Hadi and Houthis agree to end fighting in Yemen

Hadi and Houthis agree to end fighting in Yemen
Houthi militants reached an agreement with Yemeni officials on Wednesday that it is hoped will restore stability in the country and bring peace to the streets of Sanaa.
3 min read
21 January, 2015
Houthi's mounted the biggest challenge to Hadi's rule [Getty]

Yemeni President, Abdrabuh Mansur Hadi, and Houthi officials agreed on Wednesday to end fighting, amid fears that the country might descend into chaos.

The Houthis have fought pitched battles with government forces this week as they continue to press for more political power.

The unrest has raised international concern, with the UN Security Council condemning the attacks and backing Hadi as Yemen's "legitimate authority".

Points for peace

Under a nine-point deal, the militia agreed to withdraw from government buildings they seized this week in return for concessions over a disputed draft constitution, state news agency Saba said.

In return, the Houthis pledged to vacate the presidential palace, a day after seizing it, and to free Hadi's chief of staff, Ahmed bin Mubarak, who is being held by the insurgent group.

In return, it would now be "possible to amend" the draft constitution dividing Yemen into six federal regions, which the Houthis have opposed, said Saba.

"The draft constitution should be agreed upon by all factions," according to the deal, and Yemen "will be a federal state in accordance with the outcome of the national dialogue".

The agreement also pledges to treat the Houthis and other disgruntled factions, such as the seperatist Southern Movement, equally in the allocation of public posts.

     The Houthis pledged to vacate the presidential palace, a day after seizing it.

"Ansarullah [Houthis] and the peaceful Southern Movement and all other political factions deprived of equal representation in state institutions will have the right to be appointed in these institutions," the agreement says.

On Tuesday, the militia seized Hadi's offices at the presidential palace and attacked his residence, in what officials said was an attempted coup.

After at least 35 people were killed and 94 wounded in the two previous days, quiet returned to the streets of Sanaa on Wednesday.

International concern

The violence prompted the Gulf Cooperation Council to accuse the Houthis of an attempted "coup".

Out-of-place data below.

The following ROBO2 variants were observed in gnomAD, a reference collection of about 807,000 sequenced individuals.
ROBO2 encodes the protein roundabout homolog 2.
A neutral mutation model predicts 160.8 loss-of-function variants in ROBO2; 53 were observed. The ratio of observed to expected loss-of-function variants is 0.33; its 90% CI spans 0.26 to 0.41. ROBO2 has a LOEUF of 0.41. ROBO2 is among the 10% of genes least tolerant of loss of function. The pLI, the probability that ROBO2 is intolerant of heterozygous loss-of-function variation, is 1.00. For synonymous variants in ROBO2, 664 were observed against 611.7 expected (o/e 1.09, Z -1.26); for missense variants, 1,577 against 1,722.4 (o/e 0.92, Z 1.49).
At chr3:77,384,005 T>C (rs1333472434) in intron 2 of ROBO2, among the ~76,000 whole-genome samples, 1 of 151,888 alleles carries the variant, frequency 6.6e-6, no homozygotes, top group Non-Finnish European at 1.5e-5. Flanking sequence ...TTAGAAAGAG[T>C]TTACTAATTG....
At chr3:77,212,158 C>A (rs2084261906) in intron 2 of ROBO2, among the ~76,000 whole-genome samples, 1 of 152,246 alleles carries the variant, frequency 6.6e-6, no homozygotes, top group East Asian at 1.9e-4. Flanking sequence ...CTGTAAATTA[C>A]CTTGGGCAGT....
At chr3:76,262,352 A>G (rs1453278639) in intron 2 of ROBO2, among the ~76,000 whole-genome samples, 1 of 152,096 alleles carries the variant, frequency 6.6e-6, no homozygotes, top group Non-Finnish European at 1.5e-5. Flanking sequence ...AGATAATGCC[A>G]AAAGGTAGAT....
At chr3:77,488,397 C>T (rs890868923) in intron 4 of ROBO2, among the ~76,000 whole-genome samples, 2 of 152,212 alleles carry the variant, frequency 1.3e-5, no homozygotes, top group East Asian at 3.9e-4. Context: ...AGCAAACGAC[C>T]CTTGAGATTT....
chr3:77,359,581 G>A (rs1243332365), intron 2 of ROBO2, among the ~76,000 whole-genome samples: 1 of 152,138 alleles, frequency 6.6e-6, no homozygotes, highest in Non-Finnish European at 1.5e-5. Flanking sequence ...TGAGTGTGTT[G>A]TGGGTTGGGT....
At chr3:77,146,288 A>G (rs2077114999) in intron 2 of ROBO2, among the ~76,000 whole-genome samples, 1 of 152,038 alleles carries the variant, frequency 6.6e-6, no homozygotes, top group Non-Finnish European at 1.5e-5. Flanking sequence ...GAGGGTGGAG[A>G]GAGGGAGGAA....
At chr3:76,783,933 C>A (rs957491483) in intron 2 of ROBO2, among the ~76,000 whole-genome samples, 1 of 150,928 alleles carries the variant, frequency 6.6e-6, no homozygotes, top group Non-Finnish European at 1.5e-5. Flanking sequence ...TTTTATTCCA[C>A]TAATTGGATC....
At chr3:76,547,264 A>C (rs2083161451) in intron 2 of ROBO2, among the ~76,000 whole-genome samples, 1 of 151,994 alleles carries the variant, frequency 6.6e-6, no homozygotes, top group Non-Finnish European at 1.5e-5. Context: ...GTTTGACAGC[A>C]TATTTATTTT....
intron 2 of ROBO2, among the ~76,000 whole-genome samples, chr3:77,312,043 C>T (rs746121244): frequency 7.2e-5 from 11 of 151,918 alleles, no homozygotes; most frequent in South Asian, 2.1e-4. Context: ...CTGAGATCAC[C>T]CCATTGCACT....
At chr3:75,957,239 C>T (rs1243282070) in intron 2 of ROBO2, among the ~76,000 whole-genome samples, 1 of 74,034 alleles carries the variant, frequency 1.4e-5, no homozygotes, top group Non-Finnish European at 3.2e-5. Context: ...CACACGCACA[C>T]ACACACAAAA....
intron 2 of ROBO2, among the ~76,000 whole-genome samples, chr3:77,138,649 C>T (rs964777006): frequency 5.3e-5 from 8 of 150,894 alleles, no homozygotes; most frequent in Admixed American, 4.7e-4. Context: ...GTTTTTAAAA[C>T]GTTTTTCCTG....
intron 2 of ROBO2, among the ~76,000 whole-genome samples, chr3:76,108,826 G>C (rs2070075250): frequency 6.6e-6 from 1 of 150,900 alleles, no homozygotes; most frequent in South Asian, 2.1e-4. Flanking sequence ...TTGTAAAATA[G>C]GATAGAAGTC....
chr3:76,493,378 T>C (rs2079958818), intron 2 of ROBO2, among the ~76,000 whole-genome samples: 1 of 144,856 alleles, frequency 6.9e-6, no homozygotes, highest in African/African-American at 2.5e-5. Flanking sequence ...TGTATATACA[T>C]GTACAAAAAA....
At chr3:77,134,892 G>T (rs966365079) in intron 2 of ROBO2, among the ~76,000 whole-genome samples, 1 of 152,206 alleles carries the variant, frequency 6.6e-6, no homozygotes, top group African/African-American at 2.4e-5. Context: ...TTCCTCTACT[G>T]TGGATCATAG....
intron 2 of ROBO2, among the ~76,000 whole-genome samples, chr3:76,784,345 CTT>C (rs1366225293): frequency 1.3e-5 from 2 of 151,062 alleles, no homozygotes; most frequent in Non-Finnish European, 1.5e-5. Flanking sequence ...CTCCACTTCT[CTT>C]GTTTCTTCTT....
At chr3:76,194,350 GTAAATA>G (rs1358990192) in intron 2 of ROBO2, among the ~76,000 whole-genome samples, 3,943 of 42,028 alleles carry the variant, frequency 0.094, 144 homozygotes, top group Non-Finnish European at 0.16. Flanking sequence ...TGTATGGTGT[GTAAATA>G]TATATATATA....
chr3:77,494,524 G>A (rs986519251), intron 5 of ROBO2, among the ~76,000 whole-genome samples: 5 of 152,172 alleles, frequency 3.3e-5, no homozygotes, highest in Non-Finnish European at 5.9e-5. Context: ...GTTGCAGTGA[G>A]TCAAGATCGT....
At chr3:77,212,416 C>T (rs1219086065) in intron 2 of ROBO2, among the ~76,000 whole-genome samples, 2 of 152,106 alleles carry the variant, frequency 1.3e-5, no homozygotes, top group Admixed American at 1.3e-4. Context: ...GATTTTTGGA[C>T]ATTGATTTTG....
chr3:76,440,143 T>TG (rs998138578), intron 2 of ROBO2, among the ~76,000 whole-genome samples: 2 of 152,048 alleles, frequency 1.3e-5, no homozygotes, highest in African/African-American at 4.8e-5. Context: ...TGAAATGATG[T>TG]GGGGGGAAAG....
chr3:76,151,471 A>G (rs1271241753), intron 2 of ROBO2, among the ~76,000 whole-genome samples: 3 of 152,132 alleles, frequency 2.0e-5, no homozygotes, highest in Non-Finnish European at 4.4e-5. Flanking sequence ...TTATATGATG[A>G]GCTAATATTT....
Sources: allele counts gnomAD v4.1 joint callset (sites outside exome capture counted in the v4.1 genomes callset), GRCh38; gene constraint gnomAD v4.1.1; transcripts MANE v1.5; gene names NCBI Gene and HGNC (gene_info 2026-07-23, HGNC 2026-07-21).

The United States said it was closely monitoring the crisis after officials revealed a US diplomatic vehicle had been attacked.

Defence officials said the US military was ready to evacuate American diplomats and other personnel from Yemen, but the State Department has so far not ordered the embassy to close.

The rising unrest has fuelled longtime divisions in Yemen, where the government, Houthis, southern separatists, tribes, and the local al-Qaeda branch are all vying for influence.

The Houthis raised the stakes Saturday by kidnapping Hadi chief of staff Ahmed Awad bin Mubarak in an apparent bid to extract changes to the draft constitution.

Mubarak is leading efforts to reform how Yemen is governed under a "national dialogue" set up after longtime president Ali Abdullah Saleh was forced from power in 2012 following a year of bloody protests.

"Rule not govern"

Ibrahim Sharquieh, conflict resolution expert at the Brookings Institute in Doha, said the Houthis wanted "to rule but not govern" Yemen.

"They want to leave Hadi as president but they want him and the government to be fully cooperative with them," he added.

Meanwhile, Saleh's party released a letter Wednesday it said the former leader sent to Hadi last month urging him to "hold early presidential and parlimentary elections to resolve the country's crisis".

Saleh has been accused of backing the Houthis.

In Yemen's south, Aden shut its airport, seaport and entrances to the city due to "dangerous developments in the capital" and "attacks on the symbol of national sovereignty and constitutional legitimacy".